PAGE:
Hancho Proudfoot had been to Bree on business. Hobbits travelling out of the Shire was a much more common situation by the early Fourth Age. Two of the Rangers had offered to accompany him if he were willing to wait until the morrow, but Hancho was anxious to be on his way. His wife had recently given birth to their first baby and little ones changed so quickly at that age. He did not want to miss any more than was necessary. He was also regarded as a rather adventurous hobbit and was eager to travel, at least within the Breelands.
As he rode past the Barrow-downs, their outlines blurred with a mist which never quite vanished even in strong sunlight, Hancho began to wish that he had availed himself of the Rangers' kind offer. He felt increasingly uneasy and certain that he was being watched. He was carrying a large amount of money back to the Shire, payment for the latest batch of Shire wool. As the representative of the Shire's wool producers he held a responsible position. Now he was beginning to think he had made a huge mistake. It might cost him all the gold he carried. Perhaps it would cost him his life.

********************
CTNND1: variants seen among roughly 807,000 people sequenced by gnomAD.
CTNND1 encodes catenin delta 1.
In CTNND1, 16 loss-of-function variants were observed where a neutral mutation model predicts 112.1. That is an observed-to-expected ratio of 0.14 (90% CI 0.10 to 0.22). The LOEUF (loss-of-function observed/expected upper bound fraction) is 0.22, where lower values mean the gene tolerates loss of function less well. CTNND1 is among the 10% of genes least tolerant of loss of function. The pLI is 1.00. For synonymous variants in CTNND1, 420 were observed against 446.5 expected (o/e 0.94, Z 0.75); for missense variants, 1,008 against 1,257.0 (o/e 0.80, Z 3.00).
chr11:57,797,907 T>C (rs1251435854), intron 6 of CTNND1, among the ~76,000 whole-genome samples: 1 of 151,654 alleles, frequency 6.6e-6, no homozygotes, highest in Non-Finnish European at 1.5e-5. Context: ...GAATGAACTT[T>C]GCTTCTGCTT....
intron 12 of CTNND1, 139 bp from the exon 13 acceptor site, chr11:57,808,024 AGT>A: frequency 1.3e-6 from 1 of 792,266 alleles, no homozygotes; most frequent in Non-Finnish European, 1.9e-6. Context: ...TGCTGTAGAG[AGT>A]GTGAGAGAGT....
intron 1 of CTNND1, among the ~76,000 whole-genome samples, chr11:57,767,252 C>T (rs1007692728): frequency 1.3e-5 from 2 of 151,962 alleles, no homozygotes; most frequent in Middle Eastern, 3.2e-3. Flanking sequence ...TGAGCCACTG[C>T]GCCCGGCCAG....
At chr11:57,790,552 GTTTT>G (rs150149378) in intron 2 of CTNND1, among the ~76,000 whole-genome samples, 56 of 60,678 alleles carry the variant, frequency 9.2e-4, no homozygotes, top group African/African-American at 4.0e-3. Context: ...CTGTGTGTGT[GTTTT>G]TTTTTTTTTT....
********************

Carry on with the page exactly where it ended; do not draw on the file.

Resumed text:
Hancho was indeed being watched. Two of the Goatleaf brothers had seen him stow the money in his saddle-bags and decided that they could make a fortune without effort. The Little Folk did not carry weapons, which made for easy pickings. They had ridden ahead and now lurked in the bushes just beyond the curve of the road. It was hot and there were no other travellers in sight. They grinned at each other and waited for the right moment.